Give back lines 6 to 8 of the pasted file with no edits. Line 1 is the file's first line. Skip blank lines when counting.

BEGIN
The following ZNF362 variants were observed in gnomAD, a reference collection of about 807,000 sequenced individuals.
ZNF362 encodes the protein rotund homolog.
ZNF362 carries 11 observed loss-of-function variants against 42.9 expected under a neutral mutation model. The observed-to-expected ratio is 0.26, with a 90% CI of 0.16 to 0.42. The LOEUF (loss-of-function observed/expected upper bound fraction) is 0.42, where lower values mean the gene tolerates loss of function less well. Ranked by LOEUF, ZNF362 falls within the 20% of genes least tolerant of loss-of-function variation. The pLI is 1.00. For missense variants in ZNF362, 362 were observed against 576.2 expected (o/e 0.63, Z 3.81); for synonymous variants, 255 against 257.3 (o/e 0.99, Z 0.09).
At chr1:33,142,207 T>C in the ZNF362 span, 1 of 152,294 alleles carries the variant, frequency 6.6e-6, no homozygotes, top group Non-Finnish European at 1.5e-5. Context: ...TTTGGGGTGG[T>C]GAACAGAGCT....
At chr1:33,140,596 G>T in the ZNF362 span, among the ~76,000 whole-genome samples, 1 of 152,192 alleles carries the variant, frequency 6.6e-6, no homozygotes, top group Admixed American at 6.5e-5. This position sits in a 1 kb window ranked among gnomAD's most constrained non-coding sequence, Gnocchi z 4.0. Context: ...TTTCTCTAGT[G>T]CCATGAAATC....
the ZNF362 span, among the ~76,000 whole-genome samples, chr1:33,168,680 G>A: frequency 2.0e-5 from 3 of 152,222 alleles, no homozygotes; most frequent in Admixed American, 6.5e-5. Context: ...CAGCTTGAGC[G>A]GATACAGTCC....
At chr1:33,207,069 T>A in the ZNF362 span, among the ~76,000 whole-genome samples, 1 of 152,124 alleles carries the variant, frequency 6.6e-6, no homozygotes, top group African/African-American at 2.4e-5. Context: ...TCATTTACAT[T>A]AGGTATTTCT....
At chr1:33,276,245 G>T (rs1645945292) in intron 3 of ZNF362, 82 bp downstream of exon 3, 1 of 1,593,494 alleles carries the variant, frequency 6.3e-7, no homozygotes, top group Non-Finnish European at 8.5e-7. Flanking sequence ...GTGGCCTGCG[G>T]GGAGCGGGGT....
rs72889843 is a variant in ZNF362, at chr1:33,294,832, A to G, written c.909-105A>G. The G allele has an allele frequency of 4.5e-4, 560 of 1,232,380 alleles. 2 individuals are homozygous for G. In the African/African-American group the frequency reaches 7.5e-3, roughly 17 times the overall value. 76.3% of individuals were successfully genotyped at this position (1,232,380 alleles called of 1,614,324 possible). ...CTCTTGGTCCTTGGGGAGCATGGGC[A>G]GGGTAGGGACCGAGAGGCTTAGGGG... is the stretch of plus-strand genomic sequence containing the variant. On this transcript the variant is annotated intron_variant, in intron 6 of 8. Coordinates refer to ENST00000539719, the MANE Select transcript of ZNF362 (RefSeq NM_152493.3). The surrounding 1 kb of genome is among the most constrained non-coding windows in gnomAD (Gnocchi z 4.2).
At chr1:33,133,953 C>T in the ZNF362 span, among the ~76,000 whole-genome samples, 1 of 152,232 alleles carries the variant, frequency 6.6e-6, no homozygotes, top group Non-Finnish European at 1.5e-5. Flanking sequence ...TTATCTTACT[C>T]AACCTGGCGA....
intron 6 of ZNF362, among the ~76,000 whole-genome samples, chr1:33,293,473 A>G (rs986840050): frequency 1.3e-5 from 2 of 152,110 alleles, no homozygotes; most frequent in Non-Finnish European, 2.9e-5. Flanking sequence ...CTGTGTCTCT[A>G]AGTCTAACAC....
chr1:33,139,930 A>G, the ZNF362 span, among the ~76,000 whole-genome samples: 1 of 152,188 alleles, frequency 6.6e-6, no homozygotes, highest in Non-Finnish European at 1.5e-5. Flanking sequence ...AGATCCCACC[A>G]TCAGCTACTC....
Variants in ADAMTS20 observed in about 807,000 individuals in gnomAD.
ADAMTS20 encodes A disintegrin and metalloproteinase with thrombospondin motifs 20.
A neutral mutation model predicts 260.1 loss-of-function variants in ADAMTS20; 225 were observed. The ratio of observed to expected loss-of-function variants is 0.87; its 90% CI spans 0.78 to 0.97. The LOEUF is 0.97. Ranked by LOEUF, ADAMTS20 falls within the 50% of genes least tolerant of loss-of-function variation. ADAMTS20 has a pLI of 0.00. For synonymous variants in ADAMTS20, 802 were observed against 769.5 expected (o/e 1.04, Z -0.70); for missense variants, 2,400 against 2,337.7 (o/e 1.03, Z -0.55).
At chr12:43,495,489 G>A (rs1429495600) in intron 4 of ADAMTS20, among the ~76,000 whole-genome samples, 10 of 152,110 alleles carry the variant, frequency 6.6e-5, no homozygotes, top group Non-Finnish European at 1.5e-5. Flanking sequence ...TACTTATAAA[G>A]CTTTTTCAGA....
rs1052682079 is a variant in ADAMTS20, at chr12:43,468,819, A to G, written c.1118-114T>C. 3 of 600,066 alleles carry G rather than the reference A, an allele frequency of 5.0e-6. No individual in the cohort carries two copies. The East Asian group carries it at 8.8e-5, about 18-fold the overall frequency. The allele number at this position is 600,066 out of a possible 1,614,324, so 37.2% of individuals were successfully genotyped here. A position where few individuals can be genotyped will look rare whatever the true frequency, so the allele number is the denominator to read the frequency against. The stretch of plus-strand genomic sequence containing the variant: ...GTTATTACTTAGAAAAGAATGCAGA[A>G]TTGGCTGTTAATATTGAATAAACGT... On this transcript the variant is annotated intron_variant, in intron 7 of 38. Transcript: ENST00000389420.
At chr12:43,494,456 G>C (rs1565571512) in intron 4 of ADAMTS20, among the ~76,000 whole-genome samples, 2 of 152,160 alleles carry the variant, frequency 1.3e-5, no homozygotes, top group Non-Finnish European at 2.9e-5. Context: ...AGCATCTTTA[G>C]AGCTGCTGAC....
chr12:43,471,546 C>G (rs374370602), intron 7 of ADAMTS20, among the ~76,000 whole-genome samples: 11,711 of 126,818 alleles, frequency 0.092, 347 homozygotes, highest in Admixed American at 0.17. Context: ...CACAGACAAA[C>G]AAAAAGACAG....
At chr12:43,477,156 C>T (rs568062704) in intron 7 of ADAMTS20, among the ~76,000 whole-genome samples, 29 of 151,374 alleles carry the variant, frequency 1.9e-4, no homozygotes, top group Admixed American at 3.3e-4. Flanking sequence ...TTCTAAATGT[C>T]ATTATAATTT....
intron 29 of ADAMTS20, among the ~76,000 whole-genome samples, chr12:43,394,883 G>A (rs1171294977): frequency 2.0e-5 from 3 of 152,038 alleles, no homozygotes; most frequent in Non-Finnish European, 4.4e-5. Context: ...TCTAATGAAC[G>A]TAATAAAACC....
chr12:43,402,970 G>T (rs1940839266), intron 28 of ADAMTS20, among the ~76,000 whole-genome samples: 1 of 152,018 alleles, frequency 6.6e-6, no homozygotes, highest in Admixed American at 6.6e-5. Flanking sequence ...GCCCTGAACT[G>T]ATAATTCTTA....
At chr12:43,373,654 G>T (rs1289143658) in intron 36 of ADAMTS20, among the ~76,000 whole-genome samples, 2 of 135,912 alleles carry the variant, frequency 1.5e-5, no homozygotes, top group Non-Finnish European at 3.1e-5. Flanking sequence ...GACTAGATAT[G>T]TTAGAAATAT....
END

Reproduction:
the ZNF362 span, among the ~76,000 whole-genome samples, chr1:33,168,680 G>A: frequency 2.0e-5 from 3 of 152,222 alleles, no homozygotes; most frequent in Admixed American, 6.5e-5. Context: ...CAGCTTGAGC[G>A]GATACAGTCC....
At chr1:33,207,069 T>A in the ZNF362 span, among the ~76,000 whole-genome samples, 1 of 152,124 alleles carries the variant, frequency 6.6e-6, no homozygotes, top group African/African-American at 2.4e-5. Context: ...TCATTTACAT[T>A]AGGTATTTCT....
At chr1:33,276,245 G>T (rs1645945292) in intron 3 of ZNF362, 82 bp downstream of exon 3, 1 of 1,593,494 alleles carries the variant, frequency 6.3e-7, no homozygotes, top group Non-Finnish European at 8.5e-7. Flanking sequence ...GTGGCCTGCG[G>T]GGAGCGGGGT....